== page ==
The unique world and history at Myst lies before you to explore.
The rapidly emerging massively-multiplayer genre is perhaps the most exciting in the industry at the moment, as developers introduce a hungry public to their own take on what comprises such a game. This excitement is fuelled by the comparative youth of the game-type, and the increasing awareness of its potential from both manufacturers and gamers. This is helped further by the slow-marching progress of broadband as it becomes more predominant. Not only are massively-multiplayer titles becoming hugely popular, it is also becoming a very competitive area, with publishers realising that the potential for lucrative subscription games is too good an opportunity to miss. Just ask Sony Online, who rake in several million dollars monthly from Everquest alone. One developer however, who you wouldn’t expect to be chancing their luck in this most risky of genres is Cyan – the Rand Miller controlled company responsible for the massively-popular, though hardly envelope-pushing, Myst series. But that is exactly what they’re doing – expanding the unique world of the games into the infinite possibilities of the internet, through Myst Online. They hope and believe it will prove rather popular, especially given Myst’s reputable name and already well-established fan base – admittedly consisting mainly of consumers you wouldn’t usually expect to be interested in a game as ‘hardcore’ as a massively-multiplayer one. But perhaps that’s the beauty of their plan, introducing new gamers to new territory, and not having to worry about the competition. The game’s been progressing under several different development titles, ‘Mudpie’ and ‘Parable’, since the much-delayed Riven was nearing completion. The current name, the most appropriate thus far, may change too as development continues, but Rand Miller’s aim is clear: "Myst without limits." This is certainly going to be no massively-multiplayer game in the sense we’ve grown accustomed to. We’re told that the gameplay of Myst Online won’t lead us along typical MMORPG games such as Everquest or Dark Ages of Camelot, with Cyan Worlds instead focussing on the exploration that made the pre-rendered adventure games so popular. Of course, meeting other players and interacting with them is a major aspect; but unlike every other game, Myst Online will not place individuals in competition. There will be no emphasis on statistics or progress in the traditional role-playing style. With the focus on discovery of new people and new worlds, Cyan have made the decision to keep the game fresh with constantly evolving worlds – new content updates for players to explore. As Rand Miller points out, "People want fresh content and new things every night." Just like TV networks offer their viewers, it is this philosophy which Cyan hope will give this game mass appeal. "I think to have mass-market appeal, you can't require the level of attention a lot of these online games demand," commented Miller. "Most people don't want to hang around with a thousand other people. They want to explore interesting places with a few of their friends." No pricing system has been confirmed as yet, but publisher Ubi Soft has clearly got Myst Online at the heart of its rapidly developing online strategy through Ubi.com. Indeed, Cyan’s plan of not only weekly but almost daily additions to the game world seem very ambitious. "That's the strength and the challenge: We have got to build stuff continuously that will keep people engrossed and wondering what's going to be there next week". In keeping with the ‘Ages’ theme of the Myst adventures, the team are saying that a new Age is planned for inveiglement every month after the game is released. These multiple Ages will be far less populated than most massively-multiplayer games, with the aim being one of exploration with your friends. This will preserve the Myst feel of intimacy, as will each player possessing their own individual ‘Age’, in which items collected on travels can be stored, and private meetings with friends held. This Age will also act as a focal point for your avatar’s ‘linking books’, the method of transportation between Ages that will be familiar to Myst fans. The next world available to explore is that of your ‘neighbourhood’, the area surrounding your own inhabited by similar players, this area will act as a point of socialising, to gather before exploring the endless extents of the Myst universe. Another area is the huge and diverse City, a region accessible by all from which linking books can be sought, to allow the player and his comrades to explore the many Ages. Throughout the various and diverse Ages there will be numerous mini-games and puzzles to solve which will allow progression. Again, one of themes from Myst returns in this unusual title. As with Myst, there will be no sense of levels, character statistics or money. So Cyan are already avoiding the usual trappings of a MMORPG, a brave decision, but hopefully one that will not leave the game devoid of interest or drama entirely. As we mentioned previously, Myst will not be a competitive game, in fact, Cyan seem to be aiming at creating more of an environment and system for discovery and socialising, rather than competition. Though apparently arenas for proving your worth will still be present in a minor-form. As we draw to a close what is known of Myst Online, it is interesting to note that what Cyan is creating is certainly not in the mould of an online role-playing game. Quite the opposite. Whilst the focus is on adventuring and interaction, this game is of a gentler more sober kind, without the violence of battle or the constant competition of levelling-up. Myst Online owes far more, in fact, to a glorified chat-room, than any ‘game’ in the traditional sense, which may actually be a breath of fresh air for a genre that could definitely use a break from the old routine. Indeed, if Myst Online can attract the mass market with its non-threatening or non-daunting approach, then surely it will have been a success in every sense. We look forward to witnessing Cyan’s approach to environment design, and the depths they go to bring the world of Myst to life in glorious and ever-expanding 3D. Myst Online will be out toward the end of 2003, and we look forward to bringing you more on this unusual, minimalist and daring title as and when we get it.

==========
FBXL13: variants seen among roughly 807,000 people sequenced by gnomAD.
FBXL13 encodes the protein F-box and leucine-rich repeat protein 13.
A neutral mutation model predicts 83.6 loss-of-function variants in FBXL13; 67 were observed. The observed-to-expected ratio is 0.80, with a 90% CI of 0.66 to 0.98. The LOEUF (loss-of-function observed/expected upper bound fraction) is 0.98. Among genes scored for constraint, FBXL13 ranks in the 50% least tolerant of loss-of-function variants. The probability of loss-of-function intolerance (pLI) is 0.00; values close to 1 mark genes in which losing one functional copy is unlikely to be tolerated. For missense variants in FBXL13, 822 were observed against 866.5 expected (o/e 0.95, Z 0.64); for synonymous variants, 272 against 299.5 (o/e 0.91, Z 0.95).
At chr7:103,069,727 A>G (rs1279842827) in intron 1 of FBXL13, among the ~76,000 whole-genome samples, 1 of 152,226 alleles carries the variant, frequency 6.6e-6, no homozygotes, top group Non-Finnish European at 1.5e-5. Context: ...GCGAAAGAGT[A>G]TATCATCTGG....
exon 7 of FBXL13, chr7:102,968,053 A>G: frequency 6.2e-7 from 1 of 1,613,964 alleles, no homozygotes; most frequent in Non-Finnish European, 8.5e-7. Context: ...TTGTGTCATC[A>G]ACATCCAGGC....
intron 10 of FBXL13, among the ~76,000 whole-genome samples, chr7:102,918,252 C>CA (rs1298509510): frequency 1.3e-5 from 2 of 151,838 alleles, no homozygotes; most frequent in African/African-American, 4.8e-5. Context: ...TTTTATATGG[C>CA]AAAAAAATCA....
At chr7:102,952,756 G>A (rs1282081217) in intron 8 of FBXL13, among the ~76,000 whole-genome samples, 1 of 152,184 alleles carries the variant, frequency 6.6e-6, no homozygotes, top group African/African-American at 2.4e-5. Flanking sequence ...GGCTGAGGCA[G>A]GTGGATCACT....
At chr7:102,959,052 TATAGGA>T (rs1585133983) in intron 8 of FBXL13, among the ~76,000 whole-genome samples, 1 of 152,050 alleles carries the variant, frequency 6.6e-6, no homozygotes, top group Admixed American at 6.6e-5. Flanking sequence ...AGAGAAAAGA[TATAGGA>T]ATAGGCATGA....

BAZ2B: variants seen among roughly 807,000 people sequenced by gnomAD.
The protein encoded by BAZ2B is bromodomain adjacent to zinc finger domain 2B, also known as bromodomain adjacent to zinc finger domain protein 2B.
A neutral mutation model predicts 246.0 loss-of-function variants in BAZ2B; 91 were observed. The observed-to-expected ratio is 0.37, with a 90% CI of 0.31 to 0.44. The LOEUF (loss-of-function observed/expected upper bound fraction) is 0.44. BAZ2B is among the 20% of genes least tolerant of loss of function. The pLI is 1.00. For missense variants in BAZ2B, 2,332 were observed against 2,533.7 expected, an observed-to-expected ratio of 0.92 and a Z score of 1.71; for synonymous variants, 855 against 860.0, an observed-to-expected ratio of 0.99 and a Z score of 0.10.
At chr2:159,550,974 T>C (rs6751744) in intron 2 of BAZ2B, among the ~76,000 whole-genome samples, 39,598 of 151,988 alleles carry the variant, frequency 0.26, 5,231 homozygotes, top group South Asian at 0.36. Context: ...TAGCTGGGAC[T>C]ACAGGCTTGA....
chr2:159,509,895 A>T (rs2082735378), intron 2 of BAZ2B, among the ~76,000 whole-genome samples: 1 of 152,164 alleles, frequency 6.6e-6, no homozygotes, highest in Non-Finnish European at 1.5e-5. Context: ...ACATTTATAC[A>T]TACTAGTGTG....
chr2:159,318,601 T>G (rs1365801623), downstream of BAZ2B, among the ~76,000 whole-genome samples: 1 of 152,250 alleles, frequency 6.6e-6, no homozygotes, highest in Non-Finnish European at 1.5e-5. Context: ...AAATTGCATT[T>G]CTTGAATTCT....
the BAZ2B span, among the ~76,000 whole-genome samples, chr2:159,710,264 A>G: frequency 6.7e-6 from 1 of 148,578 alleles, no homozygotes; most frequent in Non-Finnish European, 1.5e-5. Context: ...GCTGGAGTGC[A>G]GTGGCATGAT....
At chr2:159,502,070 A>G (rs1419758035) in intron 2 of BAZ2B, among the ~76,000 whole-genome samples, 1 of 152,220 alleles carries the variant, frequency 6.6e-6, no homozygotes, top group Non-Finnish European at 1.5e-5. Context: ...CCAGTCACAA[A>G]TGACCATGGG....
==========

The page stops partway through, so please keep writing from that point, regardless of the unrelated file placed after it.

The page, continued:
- Techland announces a Dying Light modding contest alongside new updates for the toolset
- 2K announces the Evolve Proving Grounds tournament in conjunction with ESL
- Broken Age: Part 2 arrives for backers 24 hours ahead of the full launch
- Halo Championship Series Cup 1 cancelled due to continued online problems
- Dirt Rally announced as a PC exclusive, hits Steam Early Access
- PC benchmarking app arrives for Final Fantasy XIV players to make sure they can run Heavensward
- [UPDATE] Hideo Kojima and Guillermo Del Toro collaboration Silent Hills looks like it has been canned
- Gears Of War Xbox One remaster looks like it's coming
- Batman: Arkham Knight will have GTA V-style character switching